Zumba Latin Playlist: 15 Pop, Reggeaton and Dancehall Tunes to Make You Move

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J Balvin, Enrique Iglesias and Daddy Yankee

Although the dance-fitness program Zumba encompasses numerous styles of music and movement, its roots lie in Colombia, birthplace of creator Alberto "Beto" Pérez. It’s no surprise, then, that tropical tunes factor so heavily in Zumba locations around the world. With 2016 newly dawned and fitness on everyone’s minds, Billboard has partnered with Zumba to compile a series of playlists highlighting the most popular songs being played in classes across the globe. This installment looks at reggaeton, dancehall, and Latin pop: hot-blooded sounds built to make the body move.


BREAKING DOWN THE BEATS

“Hasta Abajo,” Don Omar
The chorus of this Latin Rhythm Airplay chart-topper translates to “I get down like this” -- an idea Omar hardly needs words to sell. Even if you don’t know the language, know precisely what the Puerto Rican artist known as “El Rey” is singing about.  

“Energia, “Alexis and Fido
A No. 25 hit on the Hot Latin Track chart, “Energia” celebrates being with someone who fills you with life and makes you feel like you’ve won the lottery. It’s a jackpot of a dance track -- a reasonably paced reggaeton groover that won’t completely sap the energy reserves.

“Prrrum,” Cosculluela 
The spooky synths and rolling Rs add just the right amount of menace to this ice-cold reggaeton jam, all about stealing another guy’s girl. All’s fair in love and war, especially at the club.

Zumba EDM/ Dance Playlist

“Ahora Es, “Wisin y Yandel
It’s the classic sweet-sour mix that drives “Ahora Es,” a Top 5 smash on the Hot Latin Songs, Latin Tropical Airplay, and Latin Rhythm Airplay charts. After Llandel Veguilla Malavé, aka Yandel, sings the hook, bandmate Juan Luis Morera Luna, aka Wisin, barks the verses with an aggressiveness just right for aerobics.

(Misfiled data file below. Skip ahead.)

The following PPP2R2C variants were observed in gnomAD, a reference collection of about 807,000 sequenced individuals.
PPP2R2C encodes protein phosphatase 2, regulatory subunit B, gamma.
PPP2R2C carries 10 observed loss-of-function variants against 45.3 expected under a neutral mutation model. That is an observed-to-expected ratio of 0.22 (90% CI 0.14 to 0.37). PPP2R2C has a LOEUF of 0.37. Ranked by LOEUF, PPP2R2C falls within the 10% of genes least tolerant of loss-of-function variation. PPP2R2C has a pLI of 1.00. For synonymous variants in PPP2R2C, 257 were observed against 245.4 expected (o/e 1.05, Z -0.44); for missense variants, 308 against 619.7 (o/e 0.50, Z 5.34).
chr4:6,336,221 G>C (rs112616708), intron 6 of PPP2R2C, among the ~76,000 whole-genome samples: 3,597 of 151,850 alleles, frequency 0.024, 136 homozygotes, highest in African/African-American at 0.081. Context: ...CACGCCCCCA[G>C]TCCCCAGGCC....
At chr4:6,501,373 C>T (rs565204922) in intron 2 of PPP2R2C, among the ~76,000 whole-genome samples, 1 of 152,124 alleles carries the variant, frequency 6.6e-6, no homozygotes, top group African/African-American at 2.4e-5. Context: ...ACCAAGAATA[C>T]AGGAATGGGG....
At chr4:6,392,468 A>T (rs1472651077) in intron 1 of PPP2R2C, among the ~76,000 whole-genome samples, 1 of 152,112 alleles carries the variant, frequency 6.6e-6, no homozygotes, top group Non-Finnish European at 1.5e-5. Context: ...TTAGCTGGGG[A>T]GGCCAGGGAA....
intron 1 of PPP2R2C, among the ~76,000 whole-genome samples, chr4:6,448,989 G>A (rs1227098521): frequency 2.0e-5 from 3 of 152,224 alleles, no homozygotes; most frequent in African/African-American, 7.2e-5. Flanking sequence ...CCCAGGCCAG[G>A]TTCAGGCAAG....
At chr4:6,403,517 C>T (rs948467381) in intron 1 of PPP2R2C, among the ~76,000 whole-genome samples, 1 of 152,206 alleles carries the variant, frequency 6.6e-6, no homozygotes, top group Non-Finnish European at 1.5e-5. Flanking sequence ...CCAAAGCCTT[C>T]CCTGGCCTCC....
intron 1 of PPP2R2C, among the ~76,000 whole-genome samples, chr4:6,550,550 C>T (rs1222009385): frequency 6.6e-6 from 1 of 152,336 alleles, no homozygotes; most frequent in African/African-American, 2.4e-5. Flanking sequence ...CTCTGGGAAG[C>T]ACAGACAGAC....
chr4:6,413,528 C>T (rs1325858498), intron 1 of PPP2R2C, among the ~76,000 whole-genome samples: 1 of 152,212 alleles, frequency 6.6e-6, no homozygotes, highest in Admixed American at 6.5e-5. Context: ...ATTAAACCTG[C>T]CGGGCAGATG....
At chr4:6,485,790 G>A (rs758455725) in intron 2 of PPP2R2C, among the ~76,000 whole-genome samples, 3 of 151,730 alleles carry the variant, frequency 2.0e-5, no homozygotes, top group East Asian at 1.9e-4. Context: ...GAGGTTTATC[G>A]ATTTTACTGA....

“Ginza (Remix),” J Balvin
The reggaeton revival begins with this hypnotically tropical international smash, which topped the Hot Latin Songs, Latin Pop Songs, and Latin Rhythm Airplay charts and snuck into the Hot 100, bowing at No. 84. “We’re going to dance like animals,” Balvin promises, presumably referring more to primal intensity than to technique.  


“Gasolina (DJ Buddah Remix),” Daddy Yankee
More than a decade after its release, the tune that lit the fire for reggaeton as a global phenomenon remains as infectious as it simplistic. Daddy Yankee wrote the lyrics about girls who accept rides from dudes with fancy cars, though some figured he was singing about drugs or booze. The unintended ambiguity may have helped “Gasolina” burn up the charts, all the way to No. 32 on the Hot 100.  

“So Fine,” Sean Paul 
Even in rapid-fire mode, Sean Paul shoots off rhymes with a fluidity not always found in dancehall. On “So Fine,” he stays sweet and cool over a frantic beat, romancing a lady who mashes up his mind.  

“Konsey,” J. Perry
It’s no accident that “Konsey” is perfect for Zumba. “Exercise in disguise” enthusiast J. Perry concocted this relentlessly perky blend of dancehall, soca, and EDM just for the company -- an official partner of his since 2012.

“Remedy,” Machel Montano
Released in conjunction with the 2015 Carnival celebrations in Montano’s native Trinidad, this African-flavored soca jam is three minutes and 19 seconds of pure party bliss. “Girl, I losin' patience,” he sings, “no more hesitation.” There’s no sitting on the sidelines when this one’s spinning.  

“Policeman,” Eva Simons ft Konshens
Eva isn’t looking for any trouble. “I just wanna drop my jiggelin’ down to the floor,” the Dutch singer pleads on this international dancehall chart-buster. Shaking your booty ain’t no crime–even if you do so with lethal power.

“Plakito (Remix),” Yandel
Yandel’s brother Gadiel helps out on this tune about a “wild dance” that facilitates a bit of the old “boom boom.” Some phrases require no translation.

“Oye Mi Canto,” Nore, Tego Calderon
Queens rhymer N.O.R.E.’s decision to dabble in reggaeton was a good one -- “Oye Mi Canto” (translation: “Hear My Song”) became a major pop crossover, reaching No. 12 on the Hot 100. “You see this is what they want,” he raps in the first verse, after Nina Sky has already stolen the song with her sexy hook. “They want reggaeton!’  

“Ting-a-ling,” Shabba Ranks
It’s a tough world out there. You might need to do like Shabba says in this 1992 dancehall single and brandish a “knife and fork / a fight fi’ dumpling.” Stepping to the lean riddim of “Ting-a-Ling” is one way to train for tussles with potential dumpling snatchers.

“Bailando,” Enrique Iglesias 
After more than a decade in the game, one of Latin music’s biggest crossover stars proved he can still bring the goods with “Bailando,” a reggae-spiced pop jam that went No. 1 in multiple countries and made nine Billboard charts, topping three. Good for dancing, exercising, and other physical activities that lead to sweating and accelerated heart rate, “Bailando” is about as close to universal as it gets.

“Heads High,” Mr. Vegas
There’s a lesson about female sexual propriety embedded in the lyrics, but one need not follow Mr. Vegas’ moral compass to enjoy this addictive dancehall smash.